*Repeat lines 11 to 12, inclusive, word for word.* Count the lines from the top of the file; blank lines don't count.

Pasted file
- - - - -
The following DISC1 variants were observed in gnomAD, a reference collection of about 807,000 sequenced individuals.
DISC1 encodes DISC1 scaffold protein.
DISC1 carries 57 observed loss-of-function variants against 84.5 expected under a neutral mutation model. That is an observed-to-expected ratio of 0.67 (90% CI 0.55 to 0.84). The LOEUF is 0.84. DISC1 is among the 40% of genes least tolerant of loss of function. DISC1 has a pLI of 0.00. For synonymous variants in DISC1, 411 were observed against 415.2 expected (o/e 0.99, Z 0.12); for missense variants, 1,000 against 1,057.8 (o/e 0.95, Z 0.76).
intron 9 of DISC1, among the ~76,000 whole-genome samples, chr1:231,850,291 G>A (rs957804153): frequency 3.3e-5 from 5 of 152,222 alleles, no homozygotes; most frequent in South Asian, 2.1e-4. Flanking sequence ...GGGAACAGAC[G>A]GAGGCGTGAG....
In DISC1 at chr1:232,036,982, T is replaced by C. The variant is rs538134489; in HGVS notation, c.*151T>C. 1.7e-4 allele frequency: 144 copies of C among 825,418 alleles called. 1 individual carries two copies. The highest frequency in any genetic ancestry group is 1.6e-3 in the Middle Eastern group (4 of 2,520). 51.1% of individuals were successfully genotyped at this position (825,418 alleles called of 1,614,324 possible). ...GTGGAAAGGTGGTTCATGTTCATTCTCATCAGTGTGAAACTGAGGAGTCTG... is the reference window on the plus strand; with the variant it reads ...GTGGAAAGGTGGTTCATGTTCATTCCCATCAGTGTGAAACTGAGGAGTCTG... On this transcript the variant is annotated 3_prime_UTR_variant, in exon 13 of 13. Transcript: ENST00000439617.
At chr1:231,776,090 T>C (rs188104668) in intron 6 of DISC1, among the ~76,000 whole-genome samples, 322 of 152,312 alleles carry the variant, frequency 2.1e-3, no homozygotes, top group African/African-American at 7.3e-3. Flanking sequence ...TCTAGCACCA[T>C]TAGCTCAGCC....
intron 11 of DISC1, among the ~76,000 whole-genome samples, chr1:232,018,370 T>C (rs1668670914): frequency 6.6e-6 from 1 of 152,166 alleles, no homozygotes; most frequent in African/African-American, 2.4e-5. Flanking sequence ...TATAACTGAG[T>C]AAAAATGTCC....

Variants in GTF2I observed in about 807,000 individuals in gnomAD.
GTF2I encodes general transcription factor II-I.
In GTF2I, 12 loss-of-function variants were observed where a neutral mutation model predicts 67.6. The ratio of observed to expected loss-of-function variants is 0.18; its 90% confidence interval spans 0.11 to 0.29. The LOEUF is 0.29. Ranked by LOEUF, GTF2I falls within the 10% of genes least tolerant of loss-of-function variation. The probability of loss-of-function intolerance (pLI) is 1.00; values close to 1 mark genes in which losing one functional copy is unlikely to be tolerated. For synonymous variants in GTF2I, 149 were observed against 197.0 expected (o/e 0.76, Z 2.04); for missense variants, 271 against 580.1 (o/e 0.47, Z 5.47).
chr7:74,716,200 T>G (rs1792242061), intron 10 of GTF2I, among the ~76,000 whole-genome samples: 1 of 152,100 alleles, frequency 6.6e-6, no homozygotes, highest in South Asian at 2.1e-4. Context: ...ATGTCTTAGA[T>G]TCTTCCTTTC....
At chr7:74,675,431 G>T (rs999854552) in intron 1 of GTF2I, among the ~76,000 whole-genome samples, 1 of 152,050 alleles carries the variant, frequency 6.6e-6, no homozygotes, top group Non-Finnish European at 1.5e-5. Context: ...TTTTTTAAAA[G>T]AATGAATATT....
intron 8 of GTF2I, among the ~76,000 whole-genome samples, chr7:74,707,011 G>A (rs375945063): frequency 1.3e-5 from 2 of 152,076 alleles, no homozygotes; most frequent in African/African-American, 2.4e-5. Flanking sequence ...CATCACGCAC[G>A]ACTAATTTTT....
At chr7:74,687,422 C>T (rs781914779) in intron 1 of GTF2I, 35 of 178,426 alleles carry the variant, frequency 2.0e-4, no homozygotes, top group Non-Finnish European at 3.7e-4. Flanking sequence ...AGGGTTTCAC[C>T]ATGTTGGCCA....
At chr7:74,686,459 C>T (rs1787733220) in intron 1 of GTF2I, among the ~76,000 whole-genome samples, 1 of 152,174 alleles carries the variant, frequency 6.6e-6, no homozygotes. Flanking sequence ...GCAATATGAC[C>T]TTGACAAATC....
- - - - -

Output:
chr7:74,716,200 T>G (rs1792242061), intron 10 of GTF2I, among the ~76,000 whole-genome samples: 1 of 152,100 alleles, frequency 6.6e-6, no homozygotes, highest in South Asian at 2.1e-4. Context: ...ATGTCTTAGA[T>G]TCTTCCTTTC....
At chr7:74,675,431 G>T (rs999854552) in intron 1 of GTF2I, among the ~76,000 whole-genome samples, 1 of 152,050 alleles carries the variant, frequency 6.6e-6, no homozygotes, top group Non-Finnish European at 1.5e-5. Context: ...TTTTTTAAAA[G>T]AATGAATATT....